Life at № 42
Director, Centre for Employee and Consumer Wellbeing; Senior lecturer, Deakin Business School- The Conversation Australia
“It may not seem logical or good value for money, but there are plenty of us that will fork out for expensive presents this Christmas. Maybe it will be close to A$3,000 for premium seats to see Wagner’s Ring Cycle? Or maybe you prefer to spend thousands on fancy white goods like retro inspired coffee machines or fridges?
… In one study, the researchers found that people who watched more television assumed higher estimates of the average level of wealth and affluence in the US. This also led them to believe they were missing out on the tennis courts, private planes and swimming pools they saw represented in the media.
But even for those on low incomes, products are more significant than their simple utilitarian capacity. We buy goods to enhance our lives, to fit in, but also to remind ourselves that we are just a little better than most of our group.”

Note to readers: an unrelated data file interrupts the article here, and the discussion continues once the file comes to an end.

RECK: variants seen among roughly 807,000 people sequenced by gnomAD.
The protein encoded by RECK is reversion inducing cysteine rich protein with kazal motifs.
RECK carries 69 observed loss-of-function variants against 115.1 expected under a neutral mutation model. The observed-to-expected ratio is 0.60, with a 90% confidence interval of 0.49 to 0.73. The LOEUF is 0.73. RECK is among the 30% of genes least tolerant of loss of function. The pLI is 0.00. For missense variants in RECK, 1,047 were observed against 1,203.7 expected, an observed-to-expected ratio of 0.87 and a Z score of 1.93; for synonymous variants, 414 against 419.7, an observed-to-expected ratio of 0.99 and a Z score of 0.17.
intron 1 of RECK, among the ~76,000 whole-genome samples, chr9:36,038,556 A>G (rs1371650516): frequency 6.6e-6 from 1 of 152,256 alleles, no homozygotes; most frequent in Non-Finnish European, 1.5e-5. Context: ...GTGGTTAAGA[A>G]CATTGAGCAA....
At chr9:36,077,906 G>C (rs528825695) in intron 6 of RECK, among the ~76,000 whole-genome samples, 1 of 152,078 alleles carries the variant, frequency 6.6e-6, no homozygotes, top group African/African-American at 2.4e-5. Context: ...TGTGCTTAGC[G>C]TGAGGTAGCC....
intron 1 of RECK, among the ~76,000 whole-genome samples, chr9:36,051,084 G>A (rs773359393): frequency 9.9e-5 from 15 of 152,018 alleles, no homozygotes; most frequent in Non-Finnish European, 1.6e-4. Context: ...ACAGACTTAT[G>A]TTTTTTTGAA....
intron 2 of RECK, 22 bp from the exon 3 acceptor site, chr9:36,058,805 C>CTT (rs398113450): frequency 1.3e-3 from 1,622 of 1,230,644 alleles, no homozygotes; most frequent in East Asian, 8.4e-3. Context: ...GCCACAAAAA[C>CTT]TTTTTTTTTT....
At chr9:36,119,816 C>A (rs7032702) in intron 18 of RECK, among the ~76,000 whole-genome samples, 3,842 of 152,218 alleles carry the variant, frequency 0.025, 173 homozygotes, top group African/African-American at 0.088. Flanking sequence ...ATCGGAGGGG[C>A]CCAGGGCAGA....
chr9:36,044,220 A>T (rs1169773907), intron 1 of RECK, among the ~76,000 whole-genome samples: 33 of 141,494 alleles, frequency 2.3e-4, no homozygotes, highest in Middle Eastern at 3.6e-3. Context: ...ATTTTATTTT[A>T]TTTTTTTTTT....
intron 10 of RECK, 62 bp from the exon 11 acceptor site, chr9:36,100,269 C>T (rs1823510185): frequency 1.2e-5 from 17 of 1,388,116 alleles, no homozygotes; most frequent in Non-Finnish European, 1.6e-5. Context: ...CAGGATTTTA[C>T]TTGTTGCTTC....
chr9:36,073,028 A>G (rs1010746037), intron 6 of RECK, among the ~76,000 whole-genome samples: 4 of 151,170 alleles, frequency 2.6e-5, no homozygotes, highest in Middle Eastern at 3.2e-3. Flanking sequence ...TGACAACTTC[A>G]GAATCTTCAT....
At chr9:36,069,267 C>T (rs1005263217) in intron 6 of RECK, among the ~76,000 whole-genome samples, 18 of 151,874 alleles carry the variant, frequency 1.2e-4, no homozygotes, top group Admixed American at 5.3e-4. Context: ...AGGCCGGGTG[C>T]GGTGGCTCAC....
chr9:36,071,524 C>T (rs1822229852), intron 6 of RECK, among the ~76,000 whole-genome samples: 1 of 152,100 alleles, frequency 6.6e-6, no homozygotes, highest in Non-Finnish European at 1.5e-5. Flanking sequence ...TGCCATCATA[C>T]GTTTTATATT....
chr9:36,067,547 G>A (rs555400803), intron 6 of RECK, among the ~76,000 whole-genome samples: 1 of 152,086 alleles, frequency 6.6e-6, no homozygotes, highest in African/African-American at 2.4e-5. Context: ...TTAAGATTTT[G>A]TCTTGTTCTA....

Interesting article. Ultimately I think we can reduce everything we do to two primordial categories, survival and feeling loved. The two obviously being connected. Love → Safety → Survival. The article also makes an amusing point on single women and (designer) handbags. If you think about it, patriarchy is simply the rationalization of these very basic notions (with the added element of aristocracy, which obviously bastardises the genuine survival of the fittest.)